Teachers are also being asked to dedicate one professional development day per year to deal with bullying as part of a strategy aimed at reducing the corrosive behaviour, going beyond laws to punish offenders and protect children.
B.C. Premier Christy Clark announced Friday a $2 million, 10-point strategy to combat bullying and ensure every child feels safe, accepted and respected.
She said the fight against bullying needs more focus on actions rather than laws that punish the offending behaviour, because laws can't weed out the root causes of bullying.
The ERASE program — Expect Respect and A Safe Education — goes beyond proposed amended anti-bullying laws in Ontario and B.C.'s 2007 laws targeting bullying, Clark said.
"We are moving well past that and building in education and training tools for folks in schools and resources for parents to make sure they can deal with it to try and raise the profile of it across the province," said Clark in Surrey where she announced her strategy.
Ontario Premier Dalton McGuinty has said he's preparing to amend the province's Accepting School Act to prohibit Catholic Schools from vetoing student gay clubs.
"My advice to Ontario is the legislation sends a message," said Clark. "It says government and society is concerned about this, but laws do not on their own stop bullying, and we have to do more."
She said her strategy, which is set to be introduced in B.C. schools next September, will lead the country in addressing bullying, with a five-year training program for teachers and community workers that helps identify and address bullying.
The plan also includes dedicated safe-school co-ordinators in every school district, stronger codes of conduct for schools and provincial guidelines for threat assessments.
Clark said the program will include a provincial advisory committee with representatives from police, schools and social agencies. She said the program will ensure teachers receive anti-bullying and threat-assessment training.
"What educators need are the tools to be able to deal with conflicts in an appropriate way," Clark said.
"They need tools to recognize when bullying is happening and administrators need to know that creating a positive school culture is part of their everyday jobs."
Clark said the anti-bullying program will be a major initiative in her government's education agenda, but her announcement provided few details of its implementation.
She referred questions about what the program means to the B.C. Teachers Federation and its more than 40,000 members to Education Minister George Abbott.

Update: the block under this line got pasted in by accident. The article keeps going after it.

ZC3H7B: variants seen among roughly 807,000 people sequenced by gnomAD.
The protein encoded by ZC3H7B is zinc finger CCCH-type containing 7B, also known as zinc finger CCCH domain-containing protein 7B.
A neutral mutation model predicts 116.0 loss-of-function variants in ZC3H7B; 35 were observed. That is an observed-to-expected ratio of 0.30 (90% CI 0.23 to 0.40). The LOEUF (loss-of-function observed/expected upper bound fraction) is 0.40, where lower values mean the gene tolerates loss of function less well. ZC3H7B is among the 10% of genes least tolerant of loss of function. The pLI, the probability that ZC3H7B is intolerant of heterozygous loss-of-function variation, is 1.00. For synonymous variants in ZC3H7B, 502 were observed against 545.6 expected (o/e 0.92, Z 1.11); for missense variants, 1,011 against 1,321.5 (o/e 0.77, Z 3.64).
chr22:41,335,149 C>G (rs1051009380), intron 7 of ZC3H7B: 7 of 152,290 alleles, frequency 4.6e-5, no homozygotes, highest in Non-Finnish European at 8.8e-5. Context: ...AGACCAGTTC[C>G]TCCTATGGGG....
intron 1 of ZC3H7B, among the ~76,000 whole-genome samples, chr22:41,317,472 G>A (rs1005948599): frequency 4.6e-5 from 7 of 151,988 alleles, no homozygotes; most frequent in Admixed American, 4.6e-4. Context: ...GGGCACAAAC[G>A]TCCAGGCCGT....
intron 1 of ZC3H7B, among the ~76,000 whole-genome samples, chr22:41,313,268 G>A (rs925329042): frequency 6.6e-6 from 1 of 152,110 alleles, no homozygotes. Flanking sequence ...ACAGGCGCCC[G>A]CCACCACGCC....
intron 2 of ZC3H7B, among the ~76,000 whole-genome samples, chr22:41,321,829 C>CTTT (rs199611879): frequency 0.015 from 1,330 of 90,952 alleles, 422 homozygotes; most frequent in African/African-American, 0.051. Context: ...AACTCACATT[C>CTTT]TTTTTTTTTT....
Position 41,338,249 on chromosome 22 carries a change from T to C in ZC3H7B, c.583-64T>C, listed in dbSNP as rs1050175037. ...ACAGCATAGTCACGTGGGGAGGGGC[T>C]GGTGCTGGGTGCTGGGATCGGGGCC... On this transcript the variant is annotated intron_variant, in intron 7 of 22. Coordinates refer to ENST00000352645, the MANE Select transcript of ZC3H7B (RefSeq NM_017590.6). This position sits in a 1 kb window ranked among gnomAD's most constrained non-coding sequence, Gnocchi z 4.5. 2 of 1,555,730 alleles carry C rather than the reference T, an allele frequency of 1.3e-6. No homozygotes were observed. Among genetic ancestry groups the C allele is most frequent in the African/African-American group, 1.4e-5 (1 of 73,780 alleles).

Abbott said the BCTF has been advised about the program, but he couldn't speak for the union.
Jim Iker, BCTF's first vice president, said teachers have been calling on the government to address issues surrounding bullying, homophobia and racism in classrooms for years.
"We welcome any kind of additional resources to help us do our work in classes," he said. "We need to see the resources in place."
Iker said over the past decade schools have lost 1,400 counsellors and teaching aides, widely considered the frontline people in handling bullying issues.
He said the government should consider scheduling an extra professional development day for teachers if they want to work on anti-bullying strategies. Iker said schools have the option of scheduling one of the six pro-D days for their own purposes.
Abbott, who attended the program announcement with Clark, said the government will deliver specialized training to more than 15,000 educators and community partners over the next five years.
He said the program strives to ensure consistent policies and procedures are in place that help educators and other partners take action to address bullying and harmful behaviours.
Clark said bullying takes many forms and impacts the lives of many children, including those discovering their sexual identities.
"Homophobic bullying is unacceptable and will not be tolerated," she said. "No bullying is acceptable. But we do know though those kids are more likely to be bullied. They are more likely to commit suicide than other kids in school."
British Columbia has endured several tragic bullying incidents involving young people.
They include: the suicide of 14-year-old Hamed Nastoh of Surrey in 2000; the bullying-related deaths of Reena Virk of Victoria in 1997 and Dawn Marie Welsey of Mission in 2000.
Clark said she's been a passionate anti-bullying advocate and considers ensuring the safety and respect of children one of her top political goals.
Statistics reveal about one in 10 children have bullied others and as many as 25 per cent of children in Grades 4 to 6 have been bullied.
A 2004 study published in the medical Journal of Pediatrics found that about one in seven Canadian children aged 11 to 16 are victims of bullying.
Studies have found bullying occurs once every seven minutes on the playground and once every 25 minutes in the classroom.